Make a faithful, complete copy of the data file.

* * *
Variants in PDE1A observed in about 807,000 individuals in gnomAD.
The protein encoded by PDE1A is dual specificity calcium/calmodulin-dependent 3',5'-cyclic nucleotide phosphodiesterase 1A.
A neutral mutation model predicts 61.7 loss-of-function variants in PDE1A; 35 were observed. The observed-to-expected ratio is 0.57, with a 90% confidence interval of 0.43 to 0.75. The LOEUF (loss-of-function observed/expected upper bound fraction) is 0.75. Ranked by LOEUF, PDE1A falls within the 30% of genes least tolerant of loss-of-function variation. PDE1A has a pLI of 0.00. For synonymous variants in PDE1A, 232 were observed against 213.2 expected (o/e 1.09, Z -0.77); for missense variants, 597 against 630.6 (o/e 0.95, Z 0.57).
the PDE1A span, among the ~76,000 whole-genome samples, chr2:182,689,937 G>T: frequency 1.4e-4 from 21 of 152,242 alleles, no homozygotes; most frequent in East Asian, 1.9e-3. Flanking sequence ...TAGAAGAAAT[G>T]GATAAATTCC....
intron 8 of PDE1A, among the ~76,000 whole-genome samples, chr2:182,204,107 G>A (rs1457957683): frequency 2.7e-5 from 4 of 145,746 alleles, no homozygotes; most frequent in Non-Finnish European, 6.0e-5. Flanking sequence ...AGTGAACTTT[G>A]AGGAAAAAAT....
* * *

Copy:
Variants in PDE1A observed in about 807,000 individuals in gnomAD.
The protein encoded by PDE1A is dual specificity calcium/calmodulin-dependent 3',5'-cyclic nucleotide phosphodiesterase 1A.
A neutral mutation model predicts 61.7 loss-of-function variants in PDE1A; 35 were observed. The observed-to-expected ratio is 0.57, with a 90% confidence interval of 0.43 to 0.75. The LOEUF (loss-of-function observed/expected upper bound fraction) is 0.75. Ranked by LOEUF, PDE1A falls within the 30% of genes least tolerant of loss-of-function variation. PDE1A has a pLI of 0.00. For synonymous variants in PDE1A, 232 were observed against 213.2 expected (o/e 1.09, Z -0.77); for missense variants, 597 against 630.6 (o/e 0.95, Z 0.57).
the PDE1A span, among the ~76,000 whole-genome samples, chr2:182,689,937 G>T: frequency 1.4e-4 from 21 of 152,242 alleles, no homozygotes; most frequent in East Asian, 1.9e-3. Flanking sequence ...TAGAAGAAAT[G>T]GATAAATTCC....
intron 8 of PDE1A, among the ~76,000 whole-genome samples, chr2:182,204,107 G>A (rs1457957683): frequency 2.7e-5 from 4 of 145,746 alleles, no homozygotes; most frequent in Non-Finnish European, 6.0e-5. Flanking sequence ...AGTGAACTTT[G>A]AGGAAAAAAT....